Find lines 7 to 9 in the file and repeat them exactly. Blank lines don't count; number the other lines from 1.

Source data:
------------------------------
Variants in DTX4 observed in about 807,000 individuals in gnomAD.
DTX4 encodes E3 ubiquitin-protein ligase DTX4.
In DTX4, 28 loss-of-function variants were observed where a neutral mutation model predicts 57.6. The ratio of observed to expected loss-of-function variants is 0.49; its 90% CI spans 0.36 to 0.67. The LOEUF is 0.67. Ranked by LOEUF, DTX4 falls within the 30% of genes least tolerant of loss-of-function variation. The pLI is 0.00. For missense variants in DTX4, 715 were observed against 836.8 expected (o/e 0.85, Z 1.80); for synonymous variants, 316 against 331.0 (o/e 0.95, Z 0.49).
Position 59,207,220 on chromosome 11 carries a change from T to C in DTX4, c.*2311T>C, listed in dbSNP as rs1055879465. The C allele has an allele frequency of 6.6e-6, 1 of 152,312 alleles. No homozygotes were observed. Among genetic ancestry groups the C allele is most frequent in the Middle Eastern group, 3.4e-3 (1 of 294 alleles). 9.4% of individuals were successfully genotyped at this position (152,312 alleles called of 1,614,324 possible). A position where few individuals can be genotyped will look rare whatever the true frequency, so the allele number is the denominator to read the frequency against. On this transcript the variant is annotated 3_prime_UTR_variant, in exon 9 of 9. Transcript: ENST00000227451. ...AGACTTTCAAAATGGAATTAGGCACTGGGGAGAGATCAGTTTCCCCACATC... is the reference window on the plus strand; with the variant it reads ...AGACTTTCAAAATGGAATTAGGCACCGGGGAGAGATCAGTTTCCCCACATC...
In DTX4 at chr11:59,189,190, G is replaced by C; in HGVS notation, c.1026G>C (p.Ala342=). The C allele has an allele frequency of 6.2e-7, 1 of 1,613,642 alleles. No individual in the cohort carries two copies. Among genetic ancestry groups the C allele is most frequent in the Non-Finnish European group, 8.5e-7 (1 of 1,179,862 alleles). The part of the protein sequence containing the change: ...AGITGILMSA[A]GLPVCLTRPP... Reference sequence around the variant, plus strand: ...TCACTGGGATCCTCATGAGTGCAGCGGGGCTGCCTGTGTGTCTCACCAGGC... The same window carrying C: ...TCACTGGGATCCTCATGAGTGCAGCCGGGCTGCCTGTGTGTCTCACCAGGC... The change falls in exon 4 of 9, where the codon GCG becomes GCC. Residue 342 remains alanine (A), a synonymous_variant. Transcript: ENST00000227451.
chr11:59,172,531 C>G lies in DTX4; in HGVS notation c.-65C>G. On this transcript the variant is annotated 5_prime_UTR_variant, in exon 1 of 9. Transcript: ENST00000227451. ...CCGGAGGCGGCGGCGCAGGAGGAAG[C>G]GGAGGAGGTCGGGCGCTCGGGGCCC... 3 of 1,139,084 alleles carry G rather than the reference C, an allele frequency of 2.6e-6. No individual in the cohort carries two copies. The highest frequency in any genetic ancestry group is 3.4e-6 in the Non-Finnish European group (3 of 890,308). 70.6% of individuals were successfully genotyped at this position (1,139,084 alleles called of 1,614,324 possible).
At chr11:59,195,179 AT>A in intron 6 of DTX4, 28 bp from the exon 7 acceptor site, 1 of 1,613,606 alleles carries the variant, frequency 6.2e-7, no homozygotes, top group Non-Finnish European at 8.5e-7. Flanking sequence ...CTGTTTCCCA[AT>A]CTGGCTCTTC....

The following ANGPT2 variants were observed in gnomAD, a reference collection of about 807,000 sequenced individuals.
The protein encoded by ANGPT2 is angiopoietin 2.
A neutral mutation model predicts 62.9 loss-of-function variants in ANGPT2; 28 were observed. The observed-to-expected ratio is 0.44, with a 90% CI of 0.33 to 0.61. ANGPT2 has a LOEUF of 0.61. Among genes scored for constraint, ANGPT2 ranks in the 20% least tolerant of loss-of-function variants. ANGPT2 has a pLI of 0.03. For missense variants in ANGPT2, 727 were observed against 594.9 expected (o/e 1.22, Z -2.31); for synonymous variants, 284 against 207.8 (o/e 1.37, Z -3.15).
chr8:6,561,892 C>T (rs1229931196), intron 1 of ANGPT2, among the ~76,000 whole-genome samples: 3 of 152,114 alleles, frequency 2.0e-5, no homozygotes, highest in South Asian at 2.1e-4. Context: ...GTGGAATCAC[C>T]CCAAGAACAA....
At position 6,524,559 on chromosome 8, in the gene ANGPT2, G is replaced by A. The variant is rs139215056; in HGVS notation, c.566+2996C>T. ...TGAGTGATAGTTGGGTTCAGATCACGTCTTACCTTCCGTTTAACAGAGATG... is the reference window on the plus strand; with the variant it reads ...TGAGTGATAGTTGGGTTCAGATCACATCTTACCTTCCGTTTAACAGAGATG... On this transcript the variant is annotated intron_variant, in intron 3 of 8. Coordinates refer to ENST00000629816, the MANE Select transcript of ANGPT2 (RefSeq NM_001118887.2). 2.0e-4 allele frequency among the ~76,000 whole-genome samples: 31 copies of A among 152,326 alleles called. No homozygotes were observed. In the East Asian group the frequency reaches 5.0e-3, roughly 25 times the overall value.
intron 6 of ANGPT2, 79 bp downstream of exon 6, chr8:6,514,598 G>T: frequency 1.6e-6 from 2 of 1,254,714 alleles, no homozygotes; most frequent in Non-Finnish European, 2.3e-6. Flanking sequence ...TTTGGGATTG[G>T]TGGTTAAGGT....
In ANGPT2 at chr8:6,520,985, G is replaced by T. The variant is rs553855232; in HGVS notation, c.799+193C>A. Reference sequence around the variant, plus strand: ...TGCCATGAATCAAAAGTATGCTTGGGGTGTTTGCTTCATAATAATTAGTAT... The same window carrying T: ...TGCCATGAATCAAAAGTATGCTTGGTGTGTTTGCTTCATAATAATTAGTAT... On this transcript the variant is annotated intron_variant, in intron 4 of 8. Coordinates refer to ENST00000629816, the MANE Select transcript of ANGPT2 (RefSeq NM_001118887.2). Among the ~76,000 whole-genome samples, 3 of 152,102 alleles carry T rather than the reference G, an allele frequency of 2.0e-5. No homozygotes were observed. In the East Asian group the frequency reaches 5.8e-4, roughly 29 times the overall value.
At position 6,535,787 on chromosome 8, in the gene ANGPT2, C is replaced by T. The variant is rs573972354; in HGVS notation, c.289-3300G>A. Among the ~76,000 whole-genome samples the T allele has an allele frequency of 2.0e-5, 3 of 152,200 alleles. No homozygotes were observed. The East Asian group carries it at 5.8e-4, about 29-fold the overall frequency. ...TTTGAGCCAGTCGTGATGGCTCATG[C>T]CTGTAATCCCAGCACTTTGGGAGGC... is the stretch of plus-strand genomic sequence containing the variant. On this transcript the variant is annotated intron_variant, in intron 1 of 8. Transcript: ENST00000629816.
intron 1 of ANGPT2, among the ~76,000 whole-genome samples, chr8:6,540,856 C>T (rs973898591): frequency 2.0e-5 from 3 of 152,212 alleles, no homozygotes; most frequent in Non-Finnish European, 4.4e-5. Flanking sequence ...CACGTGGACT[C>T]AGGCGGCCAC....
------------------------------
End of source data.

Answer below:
At chr11:59,195,179 AT>A in intron 6 of DTX4, 28 bp from the exon 7 acceptor site, 1 of 1,613,606 alleles carries the variant, frequency 6.2e-7, no homozygotes, top group Non-Finnish European at 8.5e-7. Flanking sequence ...CTGTTTCCCA[AT>A]CTGGCTCTTC....

The following ANGPT2 variants were observed in gnomAD, a reference collection of about 807,000 sequenced individuals.
The protein encoded by ANGPT2 is angiopoietin 2.